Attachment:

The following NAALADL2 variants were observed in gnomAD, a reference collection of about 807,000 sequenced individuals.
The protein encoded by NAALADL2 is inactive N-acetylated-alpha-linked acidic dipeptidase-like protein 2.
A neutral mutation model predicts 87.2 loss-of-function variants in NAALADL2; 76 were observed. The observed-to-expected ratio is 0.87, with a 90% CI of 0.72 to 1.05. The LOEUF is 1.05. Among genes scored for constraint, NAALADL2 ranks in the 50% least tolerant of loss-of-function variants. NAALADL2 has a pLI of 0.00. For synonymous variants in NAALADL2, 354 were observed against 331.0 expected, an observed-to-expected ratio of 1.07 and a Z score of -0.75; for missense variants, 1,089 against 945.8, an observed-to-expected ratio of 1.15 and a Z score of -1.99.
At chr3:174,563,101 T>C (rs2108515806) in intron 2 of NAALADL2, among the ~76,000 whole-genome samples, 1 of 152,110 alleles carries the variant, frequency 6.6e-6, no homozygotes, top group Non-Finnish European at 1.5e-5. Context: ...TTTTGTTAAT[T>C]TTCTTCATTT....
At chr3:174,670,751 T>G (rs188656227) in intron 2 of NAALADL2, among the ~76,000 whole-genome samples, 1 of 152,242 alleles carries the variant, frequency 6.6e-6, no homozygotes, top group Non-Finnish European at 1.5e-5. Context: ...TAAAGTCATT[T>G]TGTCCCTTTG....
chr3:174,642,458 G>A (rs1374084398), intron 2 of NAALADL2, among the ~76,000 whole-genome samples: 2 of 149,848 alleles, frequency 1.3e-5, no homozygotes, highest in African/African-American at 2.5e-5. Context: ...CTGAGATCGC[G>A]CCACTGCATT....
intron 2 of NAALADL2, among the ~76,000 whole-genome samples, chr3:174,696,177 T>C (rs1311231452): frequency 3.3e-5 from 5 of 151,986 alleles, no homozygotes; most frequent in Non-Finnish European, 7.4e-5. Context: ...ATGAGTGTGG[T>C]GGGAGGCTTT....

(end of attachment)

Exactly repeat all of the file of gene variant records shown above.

The following NAALADL2 variants were observed in gnomAD, a reference collection of about 807,000 sequenced individuals.
The protein encoded by NAALADL2 is inactive N-acetylated-alpha-linked acidic dipeptidase-like protein 2.
A neutral mutation model predicts 87.2 loss-of-function variants in NAALADL2; 76 were observed. The observed-to-expected ratio is 0.87, with a 90% CI of 0.72 to 1.05. The LOEUF is 1.05. Among genes scored for constraint, NAALADL2 ranks in the 50% least tolerant of loss-of-function variants. NAALADL2 has a pLI of 0.00. For synonymous variants in NAALADL2, 354 were observed against 331.0 expected, an observed-to-expected ratio of 1.07 and a Z score of -0.75; for missense variants, 1,089 against 945.8, an observed-to-expected ratio of 1.15 and a Z score of -1.99.
At chr3:174,563,101 T>C (rs2108515806) in intron 2 of NAALADL2, among the ~76,000 whole-genome samples, 1 of 152,110 alleles carries the variant, frequency 6.6e-6, no homozygotes, top group Non-Finnish European at 1.5e-5. Context: ...TTTTGTTAAT[T>C]TTCTTCATTT....
At chr3:174,670,751 T>G (rs188656227) in intron 2 of NAALADL2, among the ~76,000 whole-genome samples, 1 of 152,242 alleles carries the variant, frequency 6.6e-6, no homozygotes, top group Non-Finnish European at 1.5e-5. Context: ...TAAAGTCATT[T>G]TGTCCCTTTG....
chr3:174,642,458 G>A (rs1374084398), intron 2 of NAALADL2, among the ~76,000 whole-genome samples: 2 of 149,848 alleles, frequency 1.3e-5, no homozygotes, highest in African/African-American at 2.5e-5. Context: ...CTGAGATCGC[G>A]CCACTGCATT....
intron 2 of NAALADL2, among the ~76,000 whole-genome samples, chr3:174,696,177 T>C (rs1311231452): frequency 3.3e-5 from 5 of 151,986 alleles, no homozygotes; most frequent in Non-Finnish European, 7.4e-5. Context: ...ATGAGTGTGG[T>C]GGGAGGCTTT....